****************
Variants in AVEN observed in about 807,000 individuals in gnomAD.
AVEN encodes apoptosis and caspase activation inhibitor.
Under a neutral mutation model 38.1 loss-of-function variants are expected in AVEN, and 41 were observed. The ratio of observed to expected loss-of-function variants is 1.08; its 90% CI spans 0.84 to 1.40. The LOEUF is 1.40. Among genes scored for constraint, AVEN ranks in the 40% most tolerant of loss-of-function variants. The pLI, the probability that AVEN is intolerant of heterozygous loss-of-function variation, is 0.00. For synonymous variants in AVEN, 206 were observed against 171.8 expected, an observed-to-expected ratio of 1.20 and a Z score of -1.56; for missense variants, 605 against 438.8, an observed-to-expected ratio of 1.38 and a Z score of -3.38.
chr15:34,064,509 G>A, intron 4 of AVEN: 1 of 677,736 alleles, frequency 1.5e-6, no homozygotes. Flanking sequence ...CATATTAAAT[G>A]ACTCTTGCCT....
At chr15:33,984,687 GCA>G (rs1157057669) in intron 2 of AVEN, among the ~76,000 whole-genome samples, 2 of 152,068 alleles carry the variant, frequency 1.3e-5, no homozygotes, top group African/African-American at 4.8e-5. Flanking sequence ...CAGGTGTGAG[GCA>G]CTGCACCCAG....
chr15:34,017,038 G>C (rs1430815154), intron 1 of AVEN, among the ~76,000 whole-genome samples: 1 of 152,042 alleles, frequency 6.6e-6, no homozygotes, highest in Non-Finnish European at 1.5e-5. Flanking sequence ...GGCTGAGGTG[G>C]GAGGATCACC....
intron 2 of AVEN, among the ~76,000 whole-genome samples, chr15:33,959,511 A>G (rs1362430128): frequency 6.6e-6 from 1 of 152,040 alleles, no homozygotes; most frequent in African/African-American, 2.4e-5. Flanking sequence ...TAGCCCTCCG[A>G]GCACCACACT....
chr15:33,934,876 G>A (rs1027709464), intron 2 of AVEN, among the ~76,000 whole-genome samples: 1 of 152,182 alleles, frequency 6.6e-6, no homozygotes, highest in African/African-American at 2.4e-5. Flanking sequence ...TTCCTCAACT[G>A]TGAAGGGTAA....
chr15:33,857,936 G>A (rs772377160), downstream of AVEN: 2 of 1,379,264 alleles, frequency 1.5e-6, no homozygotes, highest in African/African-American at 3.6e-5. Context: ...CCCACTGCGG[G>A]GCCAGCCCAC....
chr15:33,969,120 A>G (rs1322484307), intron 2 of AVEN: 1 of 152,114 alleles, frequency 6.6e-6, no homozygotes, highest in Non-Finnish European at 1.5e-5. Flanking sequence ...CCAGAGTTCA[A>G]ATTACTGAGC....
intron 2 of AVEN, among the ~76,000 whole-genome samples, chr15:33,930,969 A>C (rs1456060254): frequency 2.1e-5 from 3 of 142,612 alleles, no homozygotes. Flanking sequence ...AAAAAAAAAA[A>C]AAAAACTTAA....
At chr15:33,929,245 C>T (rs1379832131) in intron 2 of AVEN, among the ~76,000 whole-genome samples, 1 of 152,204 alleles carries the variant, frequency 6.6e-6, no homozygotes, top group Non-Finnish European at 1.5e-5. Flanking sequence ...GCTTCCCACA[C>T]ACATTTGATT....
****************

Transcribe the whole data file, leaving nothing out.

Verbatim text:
Variants in AVEN observed in about 807,000 individuals in gnomAD.
AVEN encodes apoptosis and caspase activation inhibitor.
Under a neutral mutation model 38.1 loss-of-function variants are expected in AVEN, and 41 were observed. The ratio of observed to expected loss-of-function variants is 1.08; its 90% CI spans 0.84 to 1.40. The LOEUF is 1.40. Among genes scored for constraint, AVEN ranks in the 40% most tolerant of loss-of-function variants. The pLI, the probability that AVEN is intolerant of heterozygous loss-of-function variation, is 0.00. For synonymous variants in AVEN, 206 were observed against 171.8 expected, an observed-to-expected ratio of 1.20 and a Z score of -1.56; for missense variants, 605 against 438.8, an observed-to-expected ratio of 1.38 and a Z score of -3.38.
chr15:34,064,509 G>A, intron 4 of AVEN: 1 of 677,736 alleles, frequency 1.5e-6, no homozygotes. Flanking sequence ...CATATTAAAT[G>A]ACTCTTGCCT....
At chr15:33,984,687 GCA>G (rs1157057669) in intron 2 of AVEN, among the ~76,000 whole-genome samples, 2 of 152,068 alleles carry the variant, frequency 1.3e-5, no homozygotes, top group African/African-American at 4.8e-5. Flanking sequence ...CAGGTGTGAG[GCA>G]CTGCACCCAG....
chr15:34,017,038 G>C (rs1430815154), intron 1 of AVEN, among the ~76,000 whole-genome samples: 1 of 152,042 alleles, frequency 6.6e-6, no homozygotes, highest in Non-Finnish European at 1.5e-5. Flanking sequence ...GGCTGAGGTG[G>C]GAGGATCACC....
intron 2 of AVEN, among the ~76,000 whole-genome samples, chr15:33,959,511 A>G (rs1362430128): frequency 6.6e-6 from 1 of 152,040 alleles, no homozygotes; most frequent in African/African-American, 2.4e-5. Flanking sequence ...TAGCCCTCCG[A>G]GCACCACACT....
chr15:33,934,876 G>A (rs1027709464), intron 2 of AVEN, among the ~76,000 whole-genome samples: 1 of 152,182 alleles, frequency 6.6e-6, no homozygotes, highest in African/African-American at 2.4e-5. Flanking sequence ...TTCCTCAACT[G>A]TGAAGGGTAA....
chr15:33,857,936 G>A (rs772377160), downstream of AVEN: 2 of 1,379,264 alleles, frequency 1.5e-6, no homozygotes, highest in African/African-American at 3.6e-5. Context: ...CCCACTGCGG[G>A]GCCAGCCCAC....
chr15:33,969,120 A>G (rs1322484307), intron 2 of AVEN: 1 of 152,114 alleles, frequency 6.6e-6, no homozygotes, highest in Non-Finnish European at 1.5e-5. Flanking sequence ...CCAGAGTTCA[A>G]ATTACTGAGC....
intron 2 of AVEN, among the ~76,000 whole-genome samples, chr15:33,930,969 A>C (rs1456060254): frequency 2.1e-5 from 3 of 142,612 alleles, no homozygotes. Flanking sequence ...AAAAAAAAAA[A>C]AAAAACTTAA....
At chr15:33,929,245 C>T (rs1379832131) in intron 2 of AVEN, among the ~76,000 whole-genome samples, 1 of 152,204 alleles carries the variant, frequency 6.6e-6, no homozygotes, top group Non-Finnish European at 1.5e-5. Flanking sequence ...GCTTCCCACA[C>T]ACATTTGATT....